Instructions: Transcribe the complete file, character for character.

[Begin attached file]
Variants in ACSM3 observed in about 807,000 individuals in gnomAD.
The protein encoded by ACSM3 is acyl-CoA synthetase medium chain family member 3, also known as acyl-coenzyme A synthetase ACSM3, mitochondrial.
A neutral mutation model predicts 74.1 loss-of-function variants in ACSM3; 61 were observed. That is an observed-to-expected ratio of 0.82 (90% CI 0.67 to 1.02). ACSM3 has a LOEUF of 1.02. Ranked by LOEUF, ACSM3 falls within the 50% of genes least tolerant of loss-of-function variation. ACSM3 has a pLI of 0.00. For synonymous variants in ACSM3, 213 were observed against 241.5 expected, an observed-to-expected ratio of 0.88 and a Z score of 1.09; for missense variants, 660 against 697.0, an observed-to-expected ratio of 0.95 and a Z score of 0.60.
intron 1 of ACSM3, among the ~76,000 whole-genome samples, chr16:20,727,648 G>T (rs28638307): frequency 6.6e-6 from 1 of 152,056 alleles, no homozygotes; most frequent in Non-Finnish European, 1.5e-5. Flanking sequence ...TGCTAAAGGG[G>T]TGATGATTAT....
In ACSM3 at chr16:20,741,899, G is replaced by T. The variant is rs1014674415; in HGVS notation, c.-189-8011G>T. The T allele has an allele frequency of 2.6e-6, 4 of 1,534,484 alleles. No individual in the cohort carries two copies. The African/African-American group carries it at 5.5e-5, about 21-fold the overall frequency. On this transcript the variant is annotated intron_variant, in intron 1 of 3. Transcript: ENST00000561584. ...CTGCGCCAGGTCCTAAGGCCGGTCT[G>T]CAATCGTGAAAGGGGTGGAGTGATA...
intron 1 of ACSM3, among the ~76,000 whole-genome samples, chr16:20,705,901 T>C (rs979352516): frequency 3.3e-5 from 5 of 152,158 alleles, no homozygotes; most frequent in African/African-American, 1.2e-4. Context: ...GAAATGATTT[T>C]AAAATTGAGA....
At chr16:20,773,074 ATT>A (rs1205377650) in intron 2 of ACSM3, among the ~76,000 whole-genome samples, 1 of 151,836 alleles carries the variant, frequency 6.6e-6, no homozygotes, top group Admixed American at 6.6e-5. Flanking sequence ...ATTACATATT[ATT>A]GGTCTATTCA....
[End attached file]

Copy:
Variants in ACSM3 observed in about 807,000 individuals in gnomAD.
The protein encoded by ACSM3 is acyl-CoA synthetase medium chain family member 3, also known as acyl-coenzyme A synthetase ACSM3, mitochondrial.
A neutral mutation model predicts 74.1 loss-of-function variants in ACSM3; 61 were observed. That is an observed-to-expected ratio of 0.82 (90% CI 0.67 to 1.02). ACSM3 has a LOEUF of 1.02. Ranked by LOEUF, ACSM3 falls within the 50% of genes least tolerant of loss-of-function variation. ACSM3 has a pLI of 0.00. For synonymous variants in ACSM3, 213 were observed against 241.5 expected, an observed-to-expected ratio of 0.88 and a Z score of 1.09; for missense variants, 660 against 697.0, an observed-to-expected ratio of 0.95 and a Z score of 0.60.
intron 1 of ACSM3, among the ~76,000 whole-genome samples, chr16:20,727,648 G>T (rs28638307): frequency 6.6e-6 from 1 of 152,056 alleles, no homozygotes; most frequent in Non-Finnish European, 1.5e-5. Flanking sequence ...TGCTAAAGGG[G>T]TGATGATTAT....
In ACSM3 at chr16:20,741,899, G is replaced by T. The variant is rs1014674415; in HGVS notation, c.-189-8011G>T. The T allele has an allele frequency of 2.6e-6, 4 of 1,534,484 alleles. No individual in the cohort carries two copies. The African/African-American group carries it at 5.5e-5, about 21-fold the overall frequency. On this transcript the variant is annotated intron_variant, in intron 1 of 3. Transcript: ENST00000561584. ...CTGCGCCAGGTCCTAAGGCCGGTCT[G>T]CAATCGTGAAAGGGGTGGAGTGATA...
intron 1 of ACSM3, among the ~76,000 whole-genome samples, chr16:20,705,901 T>C (rs979352516): frequency 3.3e-5 from 5 of 152,158 alleles, no homozygotes; most frequent in African/African-American, 1.2e-4. Context: ...GAAATGATTT[T>C]AAAATTGAGA....
At chr16:20,773,074 ATT>A (rs1205377650) in intron 2 of ACSM3, among the ~76,000 whole-genome samples, 1 of 151,836 alleles carries the variant, frequency 6.6e-6, no homozygotes, top group Admixed American at 6.6e-5. Flanking sequence ...ATTACATATT[ATT>A]GGTCTATTCA....